Even if you don't buy Rihanna's music, you're probably familiar with her name and her pop stardom. That's the brand marketing that her record company does so well.
But that hard-sell marketing may be a double-edged sword in an age when music lovers love nothing more than discovering the next big thing on their own.
"You're having so much stuff thrown at you, like you have Rihanna just blasted at you from all directions," said Jon Pareles in The New York Times Popcast. "And you think: 'Wait a minute, I want something that's mine. I want something that I'm curious about, where my curiosity hasn't been smothered by the barrage of marketing."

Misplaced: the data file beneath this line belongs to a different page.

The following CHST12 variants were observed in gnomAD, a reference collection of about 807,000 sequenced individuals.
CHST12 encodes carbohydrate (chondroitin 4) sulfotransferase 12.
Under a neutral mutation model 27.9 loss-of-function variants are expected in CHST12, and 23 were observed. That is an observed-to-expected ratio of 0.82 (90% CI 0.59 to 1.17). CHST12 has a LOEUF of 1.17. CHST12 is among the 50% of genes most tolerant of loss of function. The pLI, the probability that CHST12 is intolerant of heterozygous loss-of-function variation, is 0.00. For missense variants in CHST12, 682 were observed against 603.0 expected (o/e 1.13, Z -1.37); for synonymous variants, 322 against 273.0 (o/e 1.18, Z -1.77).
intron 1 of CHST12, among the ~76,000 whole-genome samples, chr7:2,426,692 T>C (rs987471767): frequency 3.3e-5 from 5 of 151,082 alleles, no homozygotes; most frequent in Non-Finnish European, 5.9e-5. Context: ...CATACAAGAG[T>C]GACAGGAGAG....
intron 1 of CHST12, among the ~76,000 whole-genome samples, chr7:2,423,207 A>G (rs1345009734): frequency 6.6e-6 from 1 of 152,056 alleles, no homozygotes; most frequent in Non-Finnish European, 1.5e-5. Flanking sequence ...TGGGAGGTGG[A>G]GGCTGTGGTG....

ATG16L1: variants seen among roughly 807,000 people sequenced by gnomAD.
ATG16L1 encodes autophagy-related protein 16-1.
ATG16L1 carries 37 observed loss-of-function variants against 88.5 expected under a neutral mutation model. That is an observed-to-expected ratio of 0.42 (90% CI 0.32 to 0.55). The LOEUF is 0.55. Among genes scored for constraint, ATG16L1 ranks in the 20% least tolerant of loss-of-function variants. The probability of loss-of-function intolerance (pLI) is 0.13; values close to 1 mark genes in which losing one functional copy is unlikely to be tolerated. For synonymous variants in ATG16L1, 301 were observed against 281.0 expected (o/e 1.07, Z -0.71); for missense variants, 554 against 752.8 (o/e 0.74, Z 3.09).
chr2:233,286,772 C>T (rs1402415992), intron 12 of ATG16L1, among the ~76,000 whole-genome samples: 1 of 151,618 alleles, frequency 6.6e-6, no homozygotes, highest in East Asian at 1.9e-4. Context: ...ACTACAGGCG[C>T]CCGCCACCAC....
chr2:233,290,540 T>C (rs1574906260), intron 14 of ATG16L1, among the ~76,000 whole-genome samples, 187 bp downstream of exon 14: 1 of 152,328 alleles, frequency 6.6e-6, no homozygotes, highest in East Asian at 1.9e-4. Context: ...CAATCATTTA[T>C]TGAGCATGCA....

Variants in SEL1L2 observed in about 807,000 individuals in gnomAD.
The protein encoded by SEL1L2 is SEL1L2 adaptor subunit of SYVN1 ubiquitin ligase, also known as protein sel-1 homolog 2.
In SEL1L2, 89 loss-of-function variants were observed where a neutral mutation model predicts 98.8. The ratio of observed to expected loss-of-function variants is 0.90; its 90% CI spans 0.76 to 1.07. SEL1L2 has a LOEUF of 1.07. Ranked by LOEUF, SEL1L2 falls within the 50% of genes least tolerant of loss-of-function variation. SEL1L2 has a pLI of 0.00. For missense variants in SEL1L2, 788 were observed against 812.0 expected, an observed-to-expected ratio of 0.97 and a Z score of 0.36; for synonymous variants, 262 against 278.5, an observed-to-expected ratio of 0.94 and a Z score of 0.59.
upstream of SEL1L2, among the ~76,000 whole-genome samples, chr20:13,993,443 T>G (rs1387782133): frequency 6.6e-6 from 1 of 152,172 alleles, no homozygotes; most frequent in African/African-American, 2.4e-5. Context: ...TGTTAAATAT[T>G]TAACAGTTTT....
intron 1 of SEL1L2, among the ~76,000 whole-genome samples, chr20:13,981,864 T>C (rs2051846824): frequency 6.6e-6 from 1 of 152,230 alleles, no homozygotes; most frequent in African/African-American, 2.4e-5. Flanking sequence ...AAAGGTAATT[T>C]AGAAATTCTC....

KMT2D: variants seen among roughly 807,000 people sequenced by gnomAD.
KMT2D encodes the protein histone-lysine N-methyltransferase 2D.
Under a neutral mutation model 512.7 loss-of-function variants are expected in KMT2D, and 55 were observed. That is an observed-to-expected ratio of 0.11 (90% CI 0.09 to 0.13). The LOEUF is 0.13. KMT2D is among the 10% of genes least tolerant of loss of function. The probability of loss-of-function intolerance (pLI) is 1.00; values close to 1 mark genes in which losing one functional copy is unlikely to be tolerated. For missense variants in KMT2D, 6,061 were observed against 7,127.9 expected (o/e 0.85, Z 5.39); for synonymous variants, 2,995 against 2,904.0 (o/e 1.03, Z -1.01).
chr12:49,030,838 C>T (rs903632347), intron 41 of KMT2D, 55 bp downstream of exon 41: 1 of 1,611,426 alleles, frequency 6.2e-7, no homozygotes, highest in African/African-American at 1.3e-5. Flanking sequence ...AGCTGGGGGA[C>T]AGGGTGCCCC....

On The Daily Circuit Tuesday, Jan. 15, we'll discuss how music fans find new music and how that's changing with musicians finding stardom on the Internet outside traditional marketing methods.
"Pop performers can become truly famous by building their careers themselves online, maybe more efficiently and faster than a major company can help them to do," said Ben Ratliff, jazz and pop critic for The New York Times.